Washington Prescription Drug Price Law Violates Federal Patent Law
Prescription Drug Price Law
A federal appeals court on Wednesday ruled that a Washington, D.C.,law that allows the district to control prescription drug pricesviolates federal patent law, the Washington Post reports (Leonnig, Washington Post, 8/3).
Thelegislation, sponsored by D.C. Council member David Catania, wasdesigned to allow residents to file suit against a drug company if ajudge determines the drug's cost to be excessive, which is defined inthe law as more than 30% of the drug's price in Germany, Australia,Canada or the United Kingdom. Companies found to charge excessiveprices could be fined or forced to lower their prices. Former MayorAnthony Williams signed the measure into law in October 2005, after thecouncil approved it in September 2005. The Pharmaceutical Research and Manufacturers of America and the Biotechnology Industry Organizationfiled a legal challenge to the law. U.S. District Judge Richard Leon inDecember 2005 ruled that the law is unconstitutional, stating that thelaw violated protections of interstate commerce and was in oppositionto the will of Congress (Kaiser Daily Health Policy Report, 1/3/06).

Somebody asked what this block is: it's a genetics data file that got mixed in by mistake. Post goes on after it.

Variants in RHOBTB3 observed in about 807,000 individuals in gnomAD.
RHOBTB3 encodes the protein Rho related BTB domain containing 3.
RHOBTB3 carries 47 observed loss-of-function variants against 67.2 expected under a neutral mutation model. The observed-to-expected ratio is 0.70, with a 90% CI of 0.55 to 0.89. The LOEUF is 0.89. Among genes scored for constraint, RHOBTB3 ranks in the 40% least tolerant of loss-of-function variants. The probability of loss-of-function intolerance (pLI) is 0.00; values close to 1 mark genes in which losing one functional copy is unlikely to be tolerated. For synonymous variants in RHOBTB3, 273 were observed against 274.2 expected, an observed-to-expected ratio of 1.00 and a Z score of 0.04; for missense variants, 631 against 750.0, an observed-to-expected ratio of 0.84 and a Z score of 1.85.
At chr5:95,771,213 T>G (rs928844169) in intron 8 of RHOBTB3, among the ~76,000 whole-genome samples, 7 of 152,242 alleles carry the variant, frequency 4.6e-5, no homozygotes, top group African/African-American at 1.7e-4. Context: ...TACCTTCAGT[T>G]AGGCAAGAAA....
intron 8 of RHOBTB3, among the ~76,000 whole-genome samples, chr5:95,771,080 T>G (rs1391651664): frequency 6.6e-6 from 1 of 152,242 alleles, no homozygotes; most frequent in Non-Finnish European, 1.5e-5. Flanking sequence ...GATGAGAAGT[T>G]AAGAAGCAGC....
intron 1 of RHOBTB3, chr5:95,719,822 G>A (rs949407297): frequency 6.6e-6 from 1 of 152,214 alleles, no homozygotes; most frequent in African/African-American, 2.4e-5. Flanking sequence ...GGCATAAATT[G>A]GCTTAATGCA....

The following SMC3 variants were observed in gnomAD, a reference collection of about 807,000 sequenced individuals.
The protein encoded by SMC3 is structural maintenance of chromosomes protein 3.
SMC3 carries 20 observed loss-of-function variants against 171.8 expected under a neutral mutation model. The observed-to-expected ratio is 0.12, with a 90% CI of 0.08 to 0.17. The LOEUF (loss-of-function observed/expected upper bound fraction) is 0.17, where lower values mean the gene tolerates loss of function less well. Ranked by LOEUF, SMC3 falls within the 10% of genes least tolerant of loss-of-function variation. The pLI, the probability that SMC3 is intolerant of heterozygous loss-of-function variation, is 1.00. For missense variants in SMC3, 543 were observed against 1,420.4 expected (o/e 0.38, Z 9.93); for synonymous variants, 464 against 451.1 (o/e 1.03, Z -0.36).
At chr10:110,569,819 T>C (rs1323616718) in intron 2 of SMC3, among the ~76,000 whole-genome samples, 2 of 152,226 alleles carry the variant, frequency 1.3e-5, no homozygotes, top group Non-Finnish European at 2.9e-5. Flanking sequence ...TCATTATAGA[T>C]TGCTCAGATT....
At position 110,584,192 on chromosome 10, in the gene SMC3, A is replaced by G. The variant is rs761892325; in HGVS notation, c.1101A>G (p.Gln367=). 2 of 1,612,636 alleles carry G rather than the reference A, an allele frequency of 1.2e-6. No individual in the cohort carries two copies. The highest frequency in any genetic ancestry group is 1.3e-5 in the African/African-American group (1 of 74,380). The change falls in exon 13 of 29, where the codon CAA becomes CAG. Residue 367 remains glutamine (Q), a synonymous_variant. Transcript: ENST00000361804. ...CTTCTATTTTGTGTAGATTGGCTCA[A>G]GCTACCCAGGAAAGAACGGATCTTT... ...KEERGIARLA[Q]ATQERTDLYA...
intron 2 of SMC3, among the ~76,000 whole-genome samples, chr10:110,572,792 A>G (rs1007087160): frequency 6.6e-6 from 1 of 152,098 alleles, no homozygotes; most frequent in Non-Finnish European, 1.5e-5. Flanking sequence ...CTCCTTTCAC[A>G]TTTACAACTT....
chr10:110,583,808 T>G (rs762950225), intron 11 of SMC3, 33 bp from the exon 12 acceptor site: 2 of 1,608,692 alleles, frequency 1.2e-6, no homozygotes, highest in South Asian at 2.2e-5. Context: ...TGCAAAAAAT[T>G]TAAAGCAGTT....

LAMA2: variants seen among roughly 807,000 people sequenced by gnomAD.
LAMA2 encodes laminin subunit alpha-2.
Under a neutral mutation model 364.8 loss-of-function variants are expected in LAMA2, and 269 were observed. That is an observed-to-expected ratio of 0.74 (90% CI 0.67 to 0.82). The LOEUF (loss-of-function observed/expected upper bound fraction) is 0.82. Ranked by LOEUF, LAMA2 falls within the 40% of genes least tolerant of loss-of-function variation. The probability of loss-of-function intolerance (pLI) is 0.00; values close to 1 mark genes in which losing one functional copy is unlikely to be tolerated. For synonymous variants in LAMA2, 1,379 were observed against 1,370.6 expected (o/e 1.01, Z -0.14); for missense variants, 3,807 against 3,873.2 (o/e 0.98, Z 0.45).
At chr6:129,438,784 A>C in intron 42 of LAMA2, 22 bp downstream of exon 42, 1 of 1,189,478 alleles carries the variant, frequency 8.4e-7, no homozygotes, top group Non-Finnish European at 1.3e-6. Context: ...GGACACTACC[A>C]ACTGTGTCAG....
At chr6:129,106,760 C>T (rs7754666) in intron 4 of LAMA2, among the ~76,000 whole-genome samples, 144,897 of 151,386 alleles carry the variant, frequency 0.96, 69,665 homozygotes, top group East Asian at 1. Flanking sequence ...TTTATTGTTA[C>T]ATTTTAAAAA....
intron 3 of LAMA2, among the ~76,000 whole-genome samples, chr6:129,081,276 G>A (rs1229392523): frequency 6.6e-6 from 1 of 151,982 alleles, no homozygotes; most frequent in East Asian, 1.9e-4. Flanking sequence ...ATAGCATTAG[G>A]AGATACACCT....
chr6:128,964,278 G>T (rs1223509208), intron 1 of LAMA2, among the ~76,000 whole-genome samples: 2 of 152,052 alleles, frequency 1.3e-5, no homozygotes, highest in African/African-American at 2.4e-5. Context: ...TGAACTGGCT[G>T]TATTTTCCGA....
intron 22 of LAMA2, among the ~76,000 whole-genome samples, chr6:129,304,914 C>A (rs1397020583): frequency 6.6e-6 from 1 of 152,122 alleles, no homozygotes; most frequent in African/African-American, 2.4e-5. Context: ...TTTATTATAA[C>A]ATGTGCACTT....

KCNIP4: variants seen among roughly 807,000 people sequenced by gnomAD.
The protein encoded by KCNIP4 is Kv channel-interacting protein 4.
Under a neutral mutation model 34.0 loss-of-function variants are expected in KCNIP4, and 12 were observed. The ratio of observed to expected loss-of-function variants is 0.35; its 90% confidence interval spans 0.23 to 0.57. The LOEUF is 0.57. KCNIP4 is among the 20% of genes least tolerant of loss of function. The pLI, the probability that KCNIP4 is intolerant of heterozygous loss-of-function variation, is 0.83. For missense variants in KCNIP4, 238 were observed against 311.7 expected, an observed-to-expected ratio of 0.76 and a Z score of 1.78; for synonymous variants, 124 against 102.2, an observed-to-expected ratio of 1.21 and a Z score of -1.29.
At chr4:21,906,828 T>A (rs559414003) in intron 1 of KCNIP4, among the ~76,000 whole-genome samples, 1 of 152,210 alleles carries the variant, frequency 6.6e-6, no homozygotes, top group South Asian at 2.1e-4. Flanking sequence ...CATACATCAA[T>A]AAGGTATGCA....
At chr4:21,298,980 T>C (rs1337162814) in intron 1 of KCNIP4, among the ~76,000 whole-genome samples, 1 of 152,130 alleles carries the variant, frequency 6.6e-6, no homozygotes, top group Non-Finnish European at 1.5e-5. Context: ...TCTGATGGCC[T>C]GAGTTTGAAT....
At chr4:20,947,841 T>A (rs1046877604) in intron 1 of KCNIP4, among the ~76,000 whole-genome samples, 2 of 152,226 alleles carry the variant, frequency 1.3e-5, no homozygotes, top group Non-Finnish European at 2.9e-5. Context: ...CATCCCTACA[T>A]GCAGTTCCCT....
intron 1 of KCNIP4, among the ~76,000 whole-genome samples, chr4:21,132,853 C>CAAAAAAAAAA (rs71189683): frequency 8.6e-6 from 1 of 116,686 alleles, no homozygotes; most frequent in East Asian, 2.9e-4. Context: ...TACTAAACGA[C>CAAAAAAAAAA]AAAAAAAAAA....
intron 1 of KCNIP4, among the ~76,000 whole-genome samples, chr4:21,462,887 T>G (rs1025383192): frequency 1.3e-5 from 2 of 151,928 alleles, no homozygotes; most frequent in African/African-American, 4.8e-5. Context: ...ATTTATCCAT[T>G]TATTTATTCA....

InWednesday's decision, the judges wrote, "In the district's judgment,patents enable pharmaceutical companies to wield too much market power,charging prices that are 'excessive' for patented drugs," continuing,"The act is a clear attempt to restrain those excessive prices, ineffect diminishing the reward to patentees in order to provide greaterbenefit to district drug consumers." They wrote, "This may be a worthyundertaking on the part of the district government, but it is contraryto the goals established by Congress in the patent laws."
According to the Post,city officials said they do not think the ruling immediately will causea drug price increase in the district but added that drug makers nowwill have more freedom to charge higher-than-average prices.
Catania on Thursday said the ruling is "extreme in its scope," addingthat he will consult with the D.C. attorney general about possibleappeals.
Ken Johnson, senior vice president of PhRMA, said,"By ruling that federal patent law pre-empts the District of Columbia'sprice control law for patented prescription medicines, the court haspreserved crucial incentives for continued discovery and creation ofnew medicines" (Washington Post, 8/3).
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